What we are missing is that teens are constantly communicating via social media whether it is Twitter or Facebook, or texting. They have access to the Internet and social media 24/7 through their cell phones. When I do social media profiles I am seeing teens post photos of their learners’ permit in full showing name and address. This seems innocuous to the teen because they are just sharing the joy of getting their permit, but to a stranger they have just given WAY more information than should be out there about them. They are posting inappropriate photographs and digital footprints don’t go away. Teens don’t think about the “what ifs” or the future but when they are job hunting or applying for colleges. This digital footprint can cause issues. My website is Creep Your Kids and we provide social media profile analysis for parents that provides a comprehensive picture of what their teen is doing online, and if they are practicing internet safety.
What is the answer? The great million dollar question! More rape awareness for girls? Boys? How can we raise kids that aren’t total monsters in this age of social media and rape culture and violence towards each other — women and girls especially, and bullying?
We can start by teaching our children about compassion and empathy. We can tell them that when you do the right thing – you may not always be the most popular person and sometimes in standing up for what is right you might be standing alone, but in time the rest will follow. It is important that they know that it is honorable to do the right thing even though it might not be the most popular plan of action at the time.
On a lot of the programs you have been on, and interviews, I notice that no matter how intelligent and researched the interviewer is, there seems to always be a shade of victim-blaming going on, in regard to the Steubenville case especially. When it is mentioned that the Jane Doe was drunk or previously sexually active, how do that makes you feel?
It makes me sad and upset that there are still these attitudes about rape. We don’t ask murder victims what they did to get killed. We don’t ask homeowners after they have been burglarized “well why didn’t you hide your valuables better?” So why should we ask any victim of sexual violence what he or she did to deserve it?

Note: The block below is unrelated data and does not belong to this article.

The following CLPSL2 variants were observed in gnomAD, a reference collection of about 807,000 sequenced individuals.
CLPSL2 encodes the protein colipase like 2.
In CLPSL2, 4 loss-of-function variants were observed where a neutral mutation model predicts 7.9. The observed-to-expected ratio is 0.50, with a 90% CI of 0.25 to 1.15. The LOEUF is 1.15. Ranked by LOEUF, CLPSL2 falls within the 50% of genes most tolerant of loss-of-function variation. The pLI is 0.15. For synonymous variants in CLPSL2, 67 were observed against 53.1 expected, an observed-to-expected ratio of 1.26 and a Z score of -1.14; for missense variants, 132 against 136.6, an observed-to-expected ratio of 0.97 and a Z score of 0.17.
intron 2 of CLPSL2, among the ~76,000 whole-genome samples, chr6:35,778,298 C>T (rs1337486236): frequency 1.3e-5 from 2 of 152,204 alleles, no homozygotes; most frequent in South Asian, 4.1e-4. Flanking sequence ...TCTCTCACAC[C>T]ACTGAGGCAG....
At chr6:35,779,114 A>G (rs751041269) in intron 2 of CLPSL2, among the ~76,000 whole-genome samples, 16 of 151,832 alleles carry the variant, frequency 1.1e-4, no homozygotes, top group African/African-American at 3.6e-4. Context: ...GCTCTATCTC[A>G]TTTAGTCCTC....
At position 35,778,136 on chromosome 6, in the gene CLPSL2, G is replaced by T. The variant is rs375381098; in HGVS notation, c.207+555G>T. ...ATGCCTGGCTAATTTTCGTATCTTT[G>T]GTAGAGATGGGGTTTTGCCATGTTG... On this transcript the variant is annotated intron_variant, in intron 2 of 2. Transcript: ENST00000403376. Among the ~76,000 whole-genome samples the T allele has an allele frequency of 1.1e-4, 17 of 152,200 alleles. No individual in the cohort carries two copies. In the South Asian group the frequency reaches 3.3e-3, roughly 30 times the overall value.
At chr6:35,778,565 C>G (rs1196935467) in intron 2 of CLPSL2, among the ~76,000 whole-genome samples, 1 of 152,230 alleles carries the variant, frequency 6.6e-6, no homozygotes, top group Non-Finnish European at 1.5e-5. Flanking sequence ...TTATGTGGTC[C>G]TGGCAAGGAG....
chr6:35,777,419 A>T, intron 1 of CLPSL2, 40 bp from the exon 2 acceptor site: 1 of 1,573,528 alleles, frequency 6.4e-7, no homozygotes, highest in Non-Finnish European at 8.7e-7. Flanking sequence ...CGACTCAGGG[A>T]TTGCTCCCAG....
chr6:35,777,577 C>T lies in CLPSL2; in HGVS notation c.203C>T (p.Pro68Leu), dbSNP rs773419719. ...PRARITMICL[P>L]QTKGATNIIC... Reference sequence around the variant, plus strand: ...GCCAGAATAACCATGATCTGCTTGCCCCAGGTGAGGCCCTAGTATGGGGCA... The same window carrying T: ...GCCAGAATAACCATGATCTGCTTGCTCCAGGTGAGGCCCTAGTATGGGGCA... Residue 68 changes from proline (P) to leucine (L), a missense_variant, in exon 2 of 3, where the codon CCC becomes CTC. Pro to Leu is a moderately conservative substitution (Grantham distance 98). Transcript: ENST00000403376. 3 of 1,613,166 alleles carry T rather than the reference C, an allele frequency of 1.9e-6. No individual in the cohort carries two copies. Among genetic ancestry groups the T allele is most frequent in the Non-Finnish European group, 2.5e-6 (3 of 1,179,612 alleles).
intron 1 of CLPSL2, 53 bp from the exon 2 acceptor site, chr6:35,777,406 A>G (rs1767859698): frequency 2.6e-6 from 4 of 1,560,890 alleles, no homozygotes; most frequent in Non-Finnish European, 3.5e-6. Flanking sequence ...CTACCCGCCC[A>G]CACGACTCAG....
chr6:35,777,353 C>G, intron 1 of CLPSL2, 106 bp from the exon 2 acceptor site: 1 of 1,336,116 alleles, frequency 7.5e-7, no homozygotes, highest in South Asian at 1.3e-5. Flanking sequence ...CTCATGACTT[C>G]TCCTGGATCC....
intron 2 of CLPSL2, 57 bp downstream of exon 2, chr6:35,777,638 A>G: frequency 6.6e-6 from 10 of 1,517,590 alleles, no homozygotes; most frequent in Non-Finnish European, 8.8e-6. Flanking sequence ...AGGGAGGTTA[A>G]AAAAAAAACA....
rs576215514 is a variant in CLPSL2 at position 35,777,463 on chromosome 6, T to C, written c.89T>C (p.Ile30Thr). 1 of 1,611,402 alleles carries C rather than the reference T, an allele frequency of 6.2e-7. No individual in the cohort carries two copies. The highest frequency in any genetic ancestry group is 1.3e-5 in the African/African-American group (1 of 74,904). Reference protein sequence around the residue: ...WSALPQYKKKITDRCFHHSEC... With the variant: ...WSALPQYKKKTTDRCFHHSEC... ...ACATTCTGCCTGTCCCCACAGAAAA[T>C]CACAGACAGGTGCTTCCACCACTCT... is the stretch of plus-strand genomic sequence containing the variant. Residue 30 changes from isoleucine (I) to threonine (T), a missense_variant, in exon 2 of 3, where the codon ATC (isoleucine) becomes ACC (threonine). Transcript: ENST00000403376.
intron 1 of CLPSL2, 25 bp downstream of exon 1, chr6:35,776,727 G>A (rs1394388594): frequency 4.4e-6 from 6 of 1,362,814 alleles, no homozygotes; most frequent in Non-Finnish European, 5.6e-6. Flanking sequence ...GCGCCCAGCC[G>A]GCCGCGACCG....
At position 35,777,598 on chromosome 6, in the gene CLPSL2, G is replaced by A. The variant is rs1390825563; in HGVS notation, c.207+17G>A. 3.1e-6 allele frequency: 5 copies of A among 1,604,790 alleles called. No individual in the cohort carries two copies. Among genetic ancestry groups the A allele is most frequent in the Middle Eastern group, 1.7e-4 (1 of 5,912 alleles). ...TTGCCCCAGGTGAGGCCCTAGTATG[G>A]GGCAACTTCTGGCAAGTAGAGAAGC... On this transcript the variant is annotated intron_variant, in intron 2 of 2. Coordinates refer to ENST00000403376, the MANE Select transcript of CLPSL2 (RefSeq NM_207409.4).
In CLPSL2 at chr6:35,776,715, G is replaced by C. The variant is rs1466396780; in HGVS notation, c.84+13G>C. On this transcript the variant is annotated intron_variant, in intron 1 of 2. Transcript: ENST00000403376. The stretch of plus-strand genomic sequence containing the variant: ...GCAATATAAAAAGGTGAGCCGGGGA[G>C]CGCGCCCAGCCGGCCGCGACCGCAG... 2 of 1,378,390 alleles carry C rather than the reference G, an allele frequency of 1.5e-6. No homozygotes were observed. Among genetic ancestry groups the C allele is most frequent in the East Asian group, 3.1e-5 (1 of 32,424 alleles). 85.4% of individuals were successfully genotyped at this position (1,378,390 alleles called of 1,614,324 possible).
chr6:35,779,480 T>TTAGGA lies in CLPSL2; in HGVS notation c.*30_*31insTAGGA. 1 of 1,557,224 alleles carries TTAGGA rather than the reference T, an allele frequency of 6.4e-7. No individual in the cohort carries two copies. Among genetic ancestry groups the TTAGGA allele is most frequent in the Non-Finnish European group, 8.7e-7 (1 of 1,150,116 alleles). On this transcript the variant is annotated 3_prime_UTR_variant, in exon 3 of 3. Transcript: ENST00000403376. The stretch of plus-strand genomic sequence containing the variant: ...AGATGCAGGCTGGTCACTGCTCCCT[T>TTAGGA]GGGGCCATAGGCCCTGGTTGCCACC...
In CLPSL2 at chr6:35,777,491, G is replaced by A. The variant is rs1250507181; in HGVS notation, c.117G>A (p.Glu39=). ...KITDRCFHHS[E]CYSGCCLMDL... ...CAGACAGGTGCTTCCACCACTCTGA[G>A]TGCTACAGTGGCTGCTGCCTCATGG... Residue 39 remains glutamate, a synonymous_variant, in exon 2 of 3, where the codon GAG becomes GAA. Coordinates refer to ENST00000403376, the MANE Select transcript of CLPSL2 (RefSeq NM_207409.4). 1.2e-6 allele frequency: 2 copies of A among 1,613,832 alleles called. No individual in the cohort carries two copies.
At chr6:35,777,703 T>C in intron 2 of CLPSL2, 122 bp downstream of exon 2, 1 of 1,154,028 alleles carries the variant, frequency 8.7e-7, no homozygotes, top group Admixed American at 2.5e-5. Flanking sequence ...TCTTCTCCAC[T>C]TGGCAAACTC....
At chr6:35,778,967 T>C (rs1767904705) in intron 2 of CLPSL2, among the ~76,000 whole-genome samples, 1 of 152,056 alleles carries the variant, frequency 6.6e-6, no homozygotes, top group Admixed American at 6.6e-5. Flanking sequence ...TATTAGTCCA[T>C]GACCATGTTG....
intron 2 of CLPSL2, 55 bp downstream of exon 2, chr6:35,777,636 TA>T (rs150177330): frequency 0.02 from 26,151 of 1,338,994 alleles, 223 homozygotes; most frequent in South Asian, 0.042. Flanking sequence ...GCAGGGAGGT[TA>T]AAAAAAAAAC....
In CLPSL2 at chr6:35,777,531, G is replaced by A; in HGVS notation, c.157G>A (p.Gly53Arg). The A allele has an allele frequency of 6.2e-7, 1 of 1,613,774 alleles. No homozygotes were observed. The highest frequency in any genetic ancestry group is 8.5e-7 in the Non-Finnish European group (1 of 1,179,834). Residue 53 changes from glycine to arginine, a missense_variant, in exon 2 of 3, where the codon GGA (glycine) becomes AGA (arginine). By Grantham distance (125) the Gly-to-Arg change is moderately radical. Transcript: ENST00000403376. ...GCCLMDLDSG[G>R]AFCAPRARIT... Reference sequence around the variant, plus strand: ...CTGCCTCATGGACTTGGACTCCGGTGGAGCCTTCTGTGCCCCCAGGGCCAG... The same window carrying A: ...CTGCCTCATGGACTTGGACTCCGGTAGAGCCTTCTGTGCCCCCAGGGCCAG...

Do you think Steubenville is corrupt as the local leaks suggests?
I think that there is a long, well-documented history of corruption and that the people who live there were apprehensive enough about speaking out that they chose to wear the mask of Anonymous to protect their identities at the last protest. That is what speaks loudest to me – not whether I make an allegation of corruption, but that others are saying it without saying it.
Do you think local law enforcement has failed our Jane Doe? What should have been done differently? How do you think all of the media attention will affect the case?
There are some very professional and upstanding officers on the Steubenville Police Department’s force. I think that perhaps they were unprepared for an investigation with such a large cyber component, as they admitted they were not equipped to handle a cyber investigation when they referred the hacking of rollredroll to the feds. I hope that mainstream media is vetting information before they release it. I have seen some things that have been released that are rumors. Good journalists don’t report rumors.
What is next for you? Are you going to write a book about the case?
I may write a book about this case. There are so many different aspects of this case that have affected how people view social media, and how one’s digital footprint impacts them long-term.
Alexandria has offered to answer any questions our readers have regarding the following interview. Feel free to post any questions you have in the comments and she will respond.
(Photo: Alexandria Goddard)